10:34 Then Peter started speaking: 1 “I now truly understand that God does not show favoritism in dealing with people, 2 10:35 but in every nation 3 the person who fears him 4 and does what is right 5 is welcomed before him. 10:36 You know 6 the message 7 he sent to the people 8 of Israel, proclaiming the good news of peace 9 through 10 Jesus Christ 11 (he is Lord 12 of all) – 10:37 you know what happened throughout Judea, beginning from Galilee after the baptism that John announced: 13 10:38 with respect to Jesus from Nazareth, 14 that 15 God anointed him with the Holy Spirit and with power. He 16 went around doing good and healing all who were oppressed by the devil, 17 because God was with him. 18
1 tn Grk “Opening his mouth Peter said” (a Semitic idiom for beginning to speak in a somewhat formal manner). The participle ἀνοίξας (anoixa") has been translated as a finite verb due to requirements of contemporary English style.
2 tn Grk “God is not one who is a respecter of persons,” that is, “God is not one to show partiality” (cf. BDAG 887 s.v. προσωπολήμπτης). L&N 88.239 translates this verse “I realize that God does not show favoritism (in dealing with people).” The underlying Hebrew idiom includes the personal element (“respecter of persons”) so the phrase “in dealing with people” is included in the present translation. It fits very well with the following context and serves to emphasize the relational component of God’s lack of partiality. The latter is a major theme in the NT: Rom 2:11; Eph 2:11-22; Col 3:25; Jas 2:1; 1 Pet 1:17. This was the lesson of Peter’s vision.
4 tn Or “shows reverence for him.”
5 tn Grk “works righteousness”; the translation “does what is right” for this phrase in this verse is given by L&N 25.85.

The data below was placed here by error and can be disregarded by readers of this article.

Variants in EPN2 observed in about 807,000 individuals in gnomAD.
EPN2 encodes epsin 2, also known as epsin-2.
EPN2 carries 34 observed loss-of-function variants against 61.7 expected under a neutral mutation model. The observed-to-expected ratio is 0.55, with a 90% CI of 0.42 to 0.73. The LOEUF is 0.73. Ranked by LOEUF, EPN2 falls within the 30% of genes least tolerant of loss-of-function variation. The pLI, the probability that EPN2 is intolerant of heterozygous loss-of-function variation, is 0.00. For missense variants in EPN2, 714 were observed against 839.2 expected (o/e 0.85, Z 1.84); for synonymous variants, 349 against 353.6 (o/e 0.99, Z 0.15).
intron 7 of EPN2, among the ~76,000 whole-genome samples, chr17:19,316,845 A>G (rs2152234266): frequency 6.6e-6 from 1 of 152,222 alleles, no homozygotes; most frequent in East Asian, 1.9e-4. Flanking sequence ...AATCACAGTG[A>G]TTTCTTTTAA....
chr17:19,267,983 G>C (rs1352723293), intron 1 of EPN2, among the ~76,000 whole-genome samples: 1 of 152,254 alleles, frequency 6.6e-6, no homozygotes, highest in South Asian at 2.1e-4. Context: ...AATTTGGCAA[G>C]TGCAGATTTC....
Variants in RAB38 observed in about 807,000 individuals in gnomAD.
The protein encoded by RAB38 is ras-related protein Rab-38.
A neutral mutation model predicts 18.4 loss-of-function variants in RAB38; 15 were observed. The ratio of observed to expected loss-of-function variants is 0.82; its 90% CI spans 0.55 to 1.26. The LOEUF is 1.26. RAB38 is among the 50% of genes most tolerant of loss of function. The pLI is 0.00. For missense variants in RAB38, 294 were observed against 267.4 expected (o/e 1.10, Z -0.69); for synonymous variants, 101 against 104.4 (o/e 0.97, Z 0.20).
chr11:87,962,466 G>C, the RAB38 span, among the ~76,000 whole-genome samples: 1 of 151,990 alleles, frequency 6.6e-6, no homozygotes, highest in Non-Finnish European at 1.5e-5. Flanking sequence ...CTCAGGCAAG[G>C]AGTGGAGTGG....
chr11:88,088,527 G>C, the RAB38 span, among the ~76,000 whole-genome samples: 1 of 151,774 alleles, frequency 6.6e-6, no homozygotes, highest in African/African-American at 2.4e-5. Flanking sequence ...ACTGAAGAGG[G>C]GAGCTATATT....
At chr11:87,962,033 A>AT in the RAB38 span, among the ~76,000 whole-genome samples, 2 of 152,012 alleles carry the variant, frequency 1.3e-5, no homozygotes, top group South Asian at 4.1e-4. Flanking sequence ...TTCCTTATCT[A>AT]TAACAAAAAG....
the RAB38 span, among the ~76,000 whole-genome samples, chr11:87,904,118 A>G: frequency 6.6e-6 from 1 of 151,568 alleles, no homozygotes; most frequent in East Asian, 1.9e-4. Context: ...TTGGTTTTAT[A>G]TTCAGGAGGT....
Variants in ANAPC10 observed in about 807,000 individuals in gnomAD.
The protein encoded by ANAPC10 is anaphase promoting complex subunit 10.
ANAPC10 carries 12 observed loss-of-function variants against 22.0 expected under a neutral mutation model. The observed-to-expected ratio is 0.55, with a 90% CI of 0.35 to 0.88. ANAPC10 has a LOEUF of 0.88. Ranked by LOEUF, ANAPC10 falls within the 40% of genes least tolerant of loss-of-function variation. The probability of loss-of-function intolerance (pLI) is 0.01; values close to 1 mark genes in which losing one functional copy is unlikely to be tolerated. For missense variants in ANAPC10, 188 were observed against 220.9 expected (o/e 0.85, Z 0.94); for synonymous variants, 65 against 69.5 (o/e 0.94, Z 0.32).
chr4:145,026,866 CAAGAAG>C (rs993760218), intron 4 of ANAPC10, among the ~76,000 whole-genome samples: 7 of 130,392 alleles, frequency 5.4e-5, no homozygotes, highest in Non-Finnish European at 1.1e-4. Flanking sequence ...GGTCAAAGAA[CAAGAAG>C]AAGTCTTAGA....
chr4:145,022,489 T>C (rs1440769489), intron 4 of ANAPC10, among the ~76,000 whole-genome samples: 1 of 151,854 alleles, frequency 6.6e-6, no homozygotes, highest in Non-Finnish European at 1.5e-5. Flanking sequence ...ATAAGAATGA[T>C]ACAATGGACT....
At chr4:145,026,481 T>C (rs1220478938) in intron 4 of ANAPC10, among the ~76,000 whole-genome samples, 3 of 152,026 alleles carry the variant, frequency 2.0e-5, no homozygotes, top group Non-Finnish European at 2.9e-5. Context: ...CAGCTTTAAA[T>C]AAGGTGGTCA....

sn Note how faith and response are linked here by the phrase and does what is right.
6 tn The subject and verb (“you know”) do not actually occur until the following verse, but have been repeated here because of the requirements of English word order.
7 tn Grk “the word.”
8 tn Grk “to the sons.”
10 tn Or “by.”
11 tn Or “Messiah”; both “Christ” (Greek) and “Messiah” (Hebrew and Aramaic) mean “one who has been anointed.”
12 sn He is Lord of all. Though a parenthetical remark, this is the theological key to the speech. Jesus is Lord of all, so the gospel can go to all. The rest of the speech proclaims Jesus’ authority.
13 tn Or “proclaimed.”
14 sn The somewhat awkward naming of Jesus as from Nazareth here is actually emphatic. He is the key subject of these key events.
16 tn Grk “power, who.” The relative pronoun was replaced by the pronoun “he,” and a new sentence was begun in the translation at this point to improve the English style, due to the length of the sentence in Greek.
17 tn The translation “healing all who were oppressed by the devil” is given in L&N 22.22.
sn All who were oppressed by the devil. Note how healing is tied to the cosmic battle present in creation. Christ’s power overcomes the devil and his forces, which seek to destroy humanity.